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How to Recognize and Avoid Plagiarism
You would be plagiarizing in any one of the following three basic instances:
- If you fail to enclose quoted material within quotation marks.
- If you do not cite the source of a direct quotation in the text of the paper and/or on the Works Cited or Reference page, or if you do not identify the correct source of a quotation.
- If you include paraphrased or summarized information (that is not “common knowledge”) but do not openly acknowledge its source within the Works Cited list.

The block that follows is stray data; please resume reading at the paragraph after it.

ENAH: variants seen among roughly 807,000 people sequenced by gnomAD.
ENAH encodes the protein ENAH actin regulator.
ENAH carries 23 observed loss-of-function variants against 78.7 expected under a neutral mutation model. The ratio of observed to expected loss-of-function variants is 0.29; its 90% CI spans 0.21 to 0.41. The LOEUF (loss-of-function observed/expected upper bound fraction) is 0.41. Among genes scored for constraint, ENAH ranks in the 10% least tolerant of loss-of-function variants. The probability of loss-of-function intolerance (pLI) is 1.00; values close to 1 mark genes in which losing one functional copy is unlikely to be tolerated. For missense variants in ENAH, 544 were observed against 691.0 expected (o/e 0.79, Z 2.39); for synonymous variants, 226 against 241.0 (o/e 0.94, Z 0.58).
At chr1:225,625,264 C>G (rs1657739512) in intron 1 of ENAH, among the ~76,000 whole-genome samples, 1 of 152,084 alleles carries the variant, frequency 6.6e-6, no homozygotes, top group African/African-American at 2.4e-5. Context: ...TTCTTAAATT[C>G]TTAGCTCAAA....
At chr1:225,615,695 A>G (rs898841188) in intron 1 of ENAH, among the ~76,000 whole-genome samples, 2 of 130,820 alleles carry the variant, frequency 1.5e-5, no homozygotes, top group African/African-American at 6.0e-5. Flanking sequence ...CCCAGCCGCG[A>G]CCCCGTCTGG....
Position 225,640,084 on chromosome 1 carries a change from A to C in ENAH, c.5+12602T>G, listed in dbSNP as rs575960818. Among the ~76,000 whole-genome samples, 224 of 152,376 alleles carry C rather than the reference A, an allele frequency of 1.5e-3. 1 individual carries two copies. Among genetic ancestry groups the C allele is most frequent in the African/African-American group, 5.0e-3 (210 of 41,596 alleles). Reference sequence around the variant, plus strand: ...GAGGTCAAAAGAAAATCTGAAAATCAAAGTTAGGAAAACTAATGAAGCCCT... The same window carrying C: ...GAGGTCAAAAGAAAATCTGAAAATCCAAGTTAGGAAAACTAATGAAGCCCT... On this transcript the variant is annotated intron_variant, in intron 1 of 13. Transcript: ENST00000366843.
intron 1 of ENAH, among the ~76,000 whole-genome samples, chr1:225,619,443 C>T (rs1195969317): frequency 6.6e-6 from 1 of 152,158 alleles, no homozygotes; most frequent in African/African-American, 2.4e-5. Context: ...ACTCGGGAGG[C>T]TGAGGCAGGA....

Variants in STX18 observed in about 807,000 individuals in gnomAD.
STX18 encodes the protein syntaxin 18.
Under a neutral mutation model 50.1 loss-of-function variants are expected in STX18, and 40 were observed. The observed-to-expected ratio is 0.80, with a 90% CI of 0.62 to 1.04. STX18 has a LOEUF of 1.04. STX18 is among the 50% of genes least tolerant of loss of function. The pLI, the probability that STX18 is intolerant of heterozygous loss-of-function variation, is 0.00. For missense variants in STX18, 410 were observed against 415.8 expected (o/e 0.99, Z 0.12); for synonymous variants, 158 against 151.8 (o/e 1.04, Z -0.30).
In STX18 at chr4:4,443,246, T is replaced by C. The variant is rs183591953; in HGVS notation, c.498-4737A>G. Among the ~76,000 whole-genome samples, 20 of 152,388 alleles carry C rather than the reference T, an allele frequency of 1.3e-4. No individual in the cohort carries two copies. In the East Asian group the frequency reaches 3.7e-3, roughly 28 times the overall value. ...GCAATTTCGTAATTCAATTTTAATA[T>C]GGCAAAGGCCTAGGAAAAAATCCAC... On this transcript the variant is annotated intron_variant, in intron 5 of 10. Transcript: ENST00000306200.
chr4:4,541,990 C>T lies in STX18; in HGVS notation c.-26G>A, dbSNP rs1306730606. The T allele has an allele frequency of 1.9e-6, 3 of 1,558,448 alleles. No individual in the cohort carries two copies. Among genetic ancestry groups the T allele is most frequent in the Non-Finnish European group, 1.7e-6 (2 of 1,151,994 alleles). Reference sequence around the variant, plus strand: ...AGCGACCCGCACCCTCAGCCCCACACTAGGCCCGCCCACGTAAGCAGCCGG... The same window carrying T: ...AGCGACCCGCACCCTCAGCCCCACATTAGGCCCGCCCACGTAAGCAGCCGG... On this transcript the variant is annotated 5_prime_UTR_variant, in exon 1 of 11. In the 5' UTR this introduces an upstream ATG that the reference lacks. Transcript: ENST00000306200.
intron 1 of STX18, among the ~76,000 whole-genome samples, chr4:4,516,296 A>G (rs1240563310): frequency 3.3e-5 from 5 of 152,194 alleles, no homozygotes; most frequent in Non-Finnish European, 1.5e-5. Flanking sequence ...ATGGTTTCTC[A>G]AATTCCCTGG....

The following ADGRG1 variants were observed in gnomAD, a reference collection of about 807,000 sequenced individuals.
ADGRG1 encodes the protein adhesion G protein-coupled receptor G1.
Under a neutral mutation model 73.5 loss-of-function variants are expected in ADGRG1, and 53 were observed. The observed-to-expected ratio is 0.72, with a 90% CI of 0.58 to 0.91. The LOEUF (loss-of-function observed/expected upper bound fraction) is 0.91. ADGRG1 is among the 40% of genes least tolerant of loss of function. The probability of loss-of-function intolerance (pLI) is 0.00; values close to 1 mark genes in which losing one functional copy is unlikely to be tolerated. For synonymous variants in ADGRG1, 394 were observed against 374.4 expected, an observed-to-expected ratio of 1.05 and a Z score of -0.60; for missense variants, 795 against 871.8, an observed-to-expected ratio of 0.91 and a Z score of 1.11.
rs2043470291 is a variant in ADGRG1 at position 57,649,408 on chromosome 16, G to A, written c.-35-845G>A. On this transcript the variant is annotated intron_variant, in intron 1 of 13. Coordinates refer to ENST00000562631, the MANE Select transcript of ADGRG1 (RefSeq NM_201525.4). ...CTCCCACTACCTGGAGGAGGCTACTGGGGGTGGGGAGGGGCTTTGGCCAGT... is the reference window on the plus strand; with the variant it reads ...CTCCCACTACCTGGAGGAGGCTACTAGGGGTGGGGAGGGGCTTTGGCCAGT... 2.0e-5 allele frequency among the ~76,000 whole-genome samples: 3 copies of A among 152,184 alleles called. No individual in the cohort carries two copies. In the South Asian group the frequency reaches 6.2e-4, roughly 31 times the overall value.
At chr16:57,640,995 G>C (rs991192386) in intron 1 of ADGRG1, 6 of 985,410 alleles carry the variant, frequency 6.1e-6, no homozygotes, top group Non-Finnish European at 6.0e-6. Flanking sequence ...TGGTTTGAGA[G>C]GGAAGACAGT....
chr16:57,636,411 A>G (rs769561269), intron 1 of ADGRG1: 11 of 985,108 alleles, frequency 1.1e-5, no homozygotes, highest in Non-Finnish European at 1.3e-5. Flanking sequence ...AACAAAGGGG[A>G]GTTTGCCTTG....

To avoid plagiarism you must:
- Always put quotation marks around any direct statement from someone else’s work (or indent and single-space extended quotations). Always give a footnote, endnote or other form of citation for this quotation.
- Cite any paraphrase of another writer’s ideas or statements.
- Cite any thoughts derived from a specific source in your reading.
- Cite any material, ideas, thoughts, etc., gained from your reading that can’t be described as common knowledge.
- Cite and summary (even if in your own words) of a discussion from one of your sources.
- Cite any charts, graphs, tables, etc., made by others or any you make using the material of others.
For more information see The Owl at Purdue: Avoiding Plagiarism. http://owl.english.purdue.edu/owl/resource/589/02/